It was a foggy afternoon as the Ocean Magic II vessel slipped its moorings and headed out of the harbour. Capt Scott, Casey, Jen and Claire had heard that there were some Orca heading east from Race Rocks lighthouse. It was all eyes on the water trying to see through the fog, looking for tall dorsal fins. The fog created some great atmosphere, while the fog horns bellowed out their warning sounds. It wasn’t long before we saw the faint shapes of whales emerging. It was all rather ethereal. They would appear in the gaps between the fog patches. They travelled slowly along the shoreline and then disappeared into the fog that shrouded the entrance to the harbour. The Transients were identified as the T 10 family group, a mother and her two adult sons and they continued further into the harbour past Pelican Island, looking for lunch no doubt. These are the Apex predators of the oceans, and harbour seals, sea lions and porpoise are on their menu in these waters. We eventually left them once they headed back out of the harbour. A quick trip to Race Rocks Ecological Reserve gave us misty looks of the marine mammals jostling among themselves. The big boys, the California and Steller Sea Lions were barking and roaring while harbour seals lay sleepily on low lying rocks. What an exciting trip for our guests to see Bigg’s Transient Orca enter the harbour.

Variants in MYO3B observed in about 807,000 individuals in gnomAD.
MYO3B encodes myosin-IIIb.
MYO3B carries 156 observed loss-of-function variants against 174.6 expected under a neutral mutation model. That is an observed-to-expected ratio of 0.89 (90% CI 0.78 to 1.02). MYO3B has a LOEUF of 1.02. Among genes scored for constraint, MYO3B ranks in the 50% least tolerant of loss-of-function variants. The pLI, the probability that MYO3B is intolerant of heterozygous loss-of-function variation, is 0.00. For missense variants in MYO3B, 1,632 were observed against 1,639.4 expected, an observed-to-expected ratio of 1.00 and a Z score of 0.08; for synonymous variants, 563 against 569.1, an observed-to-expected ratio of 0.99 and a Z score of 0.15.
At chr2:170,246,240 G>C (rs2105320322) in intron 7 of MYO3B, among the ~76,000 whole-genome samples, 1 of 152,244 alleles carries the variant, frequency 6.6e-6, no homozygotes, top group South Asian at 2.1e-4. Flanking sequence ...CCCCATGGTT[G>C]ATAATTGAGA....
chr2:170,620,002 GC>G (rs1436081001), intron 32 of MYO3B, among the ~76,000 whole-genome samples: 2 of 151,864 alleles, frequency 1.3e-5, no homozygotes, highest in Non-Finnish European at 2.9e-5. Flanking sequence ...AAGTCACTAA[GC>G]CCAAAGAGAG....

Marie “Orca-Magic”, Clint “Orcawizard”
Most of the images on the blog are shot with a 400 mm & 600 mm telephoto lenses. Because of our restrictions around wildlife (100+ meters), we use powerful lenses to better share orca activity that passengers see on their trips. Keep in mind this also heavily compresses space between objects. We also crop images for best blog viewing.